It’s amazing the things you can find in people’s garages these days. Barbecues, furniture, surplus electricals… you name it, today’s twenty-first century home will have it in the garage.

One thing you’re increasingly unlikely to find, however, is a car.

Why? Two things, mainly.

For one, many cars nowadays are actually designed to provide a degree of waterproofness, enabling them to stand around outside for extended periods of time without coming to any significant harm (except when it rains hailstones the size of balls).

For another, with barely 40 million sq ft of self-storage space available in the UK, the need to amass vast quantities of material possessions has impelled the growing number of Brits who can no longer fit anything else into their cupboards, lofts, cellars and sheds to repurpose their garages as general clutter repositories.

So there’s no point breaking into garages in the hope of driving away someone’s prize possession. You just walked past that, proudly on display out front, proclaiming the taste, status, and DIY exterior valeting skills of its owner.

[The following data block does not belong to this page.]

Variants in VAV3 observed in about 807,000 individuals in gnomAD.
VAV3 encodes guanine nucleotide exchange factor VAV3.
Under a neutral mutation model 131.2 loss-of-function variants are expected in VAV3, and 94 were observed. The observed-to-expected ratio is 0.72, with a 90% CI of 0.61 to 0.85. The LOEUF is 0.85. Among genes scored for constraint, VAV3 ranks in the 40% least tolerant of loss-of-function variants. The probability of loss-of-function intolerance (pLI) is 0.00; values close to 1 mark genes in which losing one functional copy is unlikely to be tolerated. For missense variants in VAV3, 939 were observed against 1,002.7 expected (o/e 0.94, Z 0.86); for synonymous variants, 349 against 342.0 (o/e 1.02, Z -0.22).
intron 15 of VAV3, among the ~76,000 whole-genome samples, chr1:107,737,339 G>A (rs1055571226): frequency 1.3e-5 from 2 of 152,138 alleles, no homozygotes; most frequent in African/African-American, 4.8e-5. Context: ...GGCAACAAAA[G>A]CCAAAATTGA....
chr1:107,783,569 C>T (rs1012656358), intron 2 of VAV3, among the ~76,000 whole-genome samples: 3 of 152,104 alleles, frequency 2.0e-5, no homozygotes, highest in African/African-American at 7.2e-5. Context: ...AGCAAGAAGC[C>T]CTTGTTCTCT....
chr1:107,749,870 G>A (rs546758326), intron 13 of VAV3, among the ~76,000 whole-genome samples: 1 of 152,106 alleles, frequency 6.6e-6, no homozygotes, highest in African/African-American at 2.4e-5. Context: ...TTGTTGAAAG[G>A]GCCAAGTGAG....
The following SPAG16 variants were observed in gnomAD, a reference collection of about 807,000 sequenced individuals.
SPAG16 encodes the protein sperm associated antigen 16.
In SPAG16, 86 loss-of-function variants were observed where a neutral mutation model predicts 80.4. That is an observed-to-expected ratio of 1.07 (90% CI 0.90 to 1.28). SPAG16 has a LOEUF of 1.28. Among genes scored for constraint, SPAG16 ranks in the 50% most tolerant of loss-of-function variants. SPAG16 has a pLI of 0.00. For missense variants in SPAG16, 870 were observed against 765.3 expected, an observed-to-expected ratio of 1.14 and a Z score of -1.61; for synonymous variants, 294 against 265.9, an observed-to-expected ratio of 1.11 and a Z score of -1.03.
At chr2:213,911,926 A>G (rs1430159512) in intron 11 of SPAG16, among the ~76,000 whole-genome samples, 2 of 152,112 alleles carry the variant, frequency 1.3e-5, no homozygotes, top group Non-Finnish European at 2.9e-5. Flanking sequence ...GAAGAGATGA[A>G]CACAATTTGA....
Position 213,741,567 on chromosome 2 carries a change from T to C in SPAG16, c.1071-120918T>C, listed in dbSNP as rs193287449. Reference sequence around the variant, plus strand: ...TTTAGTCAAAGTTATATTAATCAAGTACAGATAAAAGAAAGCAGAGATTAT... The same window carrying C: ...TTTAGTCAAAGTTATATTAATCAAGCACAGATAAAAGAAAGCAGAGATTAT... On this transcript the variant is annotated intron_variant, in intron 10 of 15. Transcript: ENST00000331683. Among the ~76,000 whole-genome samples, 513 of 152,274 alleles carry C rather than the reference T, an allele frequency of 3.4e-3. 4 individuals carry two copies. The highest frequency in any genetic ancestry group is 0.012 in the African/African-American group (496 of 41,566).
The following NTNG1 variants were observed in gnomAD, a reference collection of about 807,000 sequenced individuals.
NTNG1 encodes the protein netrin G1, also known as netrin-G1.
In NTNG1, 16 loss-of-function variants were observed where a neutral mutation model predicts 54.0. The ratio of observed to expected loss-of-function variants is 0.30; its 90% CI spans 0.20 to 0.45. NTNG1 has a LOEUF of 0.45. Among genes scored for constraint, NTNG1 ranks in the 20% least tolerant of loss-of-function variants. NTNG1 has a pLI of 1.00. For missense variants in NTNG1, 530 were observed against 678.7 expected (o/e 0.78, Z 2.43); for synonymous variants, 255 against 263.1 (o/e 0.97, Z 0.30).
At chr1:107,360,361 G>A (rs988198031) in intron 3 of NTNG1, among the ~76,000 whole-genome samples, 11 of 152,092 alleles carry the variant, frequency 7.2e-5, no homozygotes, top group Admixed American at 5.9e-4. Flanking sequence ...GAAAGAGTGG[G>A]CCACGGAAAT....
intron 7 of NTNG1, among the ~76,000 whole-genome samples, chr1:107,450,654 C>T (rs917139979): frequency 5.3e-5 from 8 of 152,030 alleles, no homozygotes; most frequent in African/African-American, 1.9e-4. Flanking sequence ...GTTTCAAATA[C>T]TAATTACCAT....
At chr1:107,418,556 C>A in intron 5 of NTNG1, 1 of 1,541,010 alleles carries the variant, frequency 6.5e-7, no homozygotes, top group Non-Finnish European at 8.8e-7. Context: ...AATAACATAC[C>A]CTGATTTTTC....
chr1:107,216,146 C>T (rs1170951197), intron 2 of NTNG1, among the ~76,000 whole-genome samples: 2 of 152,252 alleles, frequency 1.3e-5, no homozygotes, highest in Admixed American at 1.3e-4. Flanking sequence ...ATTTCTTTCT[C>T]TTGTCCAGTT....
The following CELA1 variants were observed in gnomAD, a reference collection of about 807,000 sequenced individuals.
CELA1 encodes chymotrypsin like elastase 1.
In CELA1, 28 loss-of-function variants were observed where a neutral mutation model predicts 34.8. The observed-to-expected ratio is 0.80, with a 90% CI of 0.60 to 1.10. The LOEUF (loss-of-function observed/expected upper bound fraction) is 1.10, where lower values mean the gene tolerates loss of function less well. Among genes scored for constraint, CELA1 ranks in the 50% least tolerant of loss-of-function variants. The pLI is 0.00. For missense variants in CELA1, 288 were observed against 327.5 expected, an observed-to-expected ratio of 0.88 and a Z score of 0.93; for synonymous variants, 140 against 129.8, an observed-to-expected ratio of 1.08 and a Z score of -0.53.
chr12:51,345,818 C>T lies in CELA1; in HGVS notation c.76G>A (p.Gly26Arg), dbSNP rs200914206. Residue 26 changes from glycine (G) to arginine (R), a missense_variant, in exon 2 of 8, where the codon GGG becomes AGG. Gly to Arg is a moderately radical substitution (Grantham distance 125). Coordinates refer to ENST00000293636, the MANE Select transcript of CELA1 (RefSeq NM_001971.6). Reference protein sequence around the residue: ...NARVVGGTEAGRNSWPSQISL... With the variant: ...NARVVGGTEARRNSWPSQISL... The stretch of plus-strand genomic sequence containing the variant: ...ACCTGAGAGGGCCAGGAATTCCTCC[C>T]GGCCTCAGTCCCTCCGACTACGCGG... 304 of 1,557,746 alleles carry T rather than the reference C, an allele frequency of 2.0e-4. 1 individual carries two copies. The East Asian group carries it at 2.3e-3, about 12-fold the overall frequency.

But, says James Balloon of Cooperative Insurance, that doesn’t mean there nothing worth nicking in people’s garages. And the convenient thing is that many garages are poorly secured. So they’re a great source (according to the Coop’s research) of things like tools (67%), bikes (38%), and, enticingly, booze (18%).

Those who aren’t using their garages purely as dumping grounds for material excess may have converted them into home offices (25% of all garage conversions), bigger kitchens (14%), extra bedrooms (13%) and “a bigger garden” (6%).

Converting your garage into a bigger garden is certainly ingenious, but, alas, offers little to the prospective burglar. Home offices sound more promising, but often come with enhanced security features such as locks on doors, and then end up having only poxy little Acers in there anyway, Bankstone News imagines.

So best stick with the unconverted kind.

Coop’s Balloon sums up. “The research clearly demonstrates that garages now have a multitude of uses,” he explains, “beyond their original purpose for housing a car.” But “worryingly’ he continues, “nearly one in six people feel their garage is not as secure as it could be.” That is worrying.

“Given the range of valuables, it is vital that households ensure their garage is appropriately secured and its contents safe,” Balloon advises. And, when you think about it, that’s actually an extremely valuable and timely insight.

They should probably get some insurance too.



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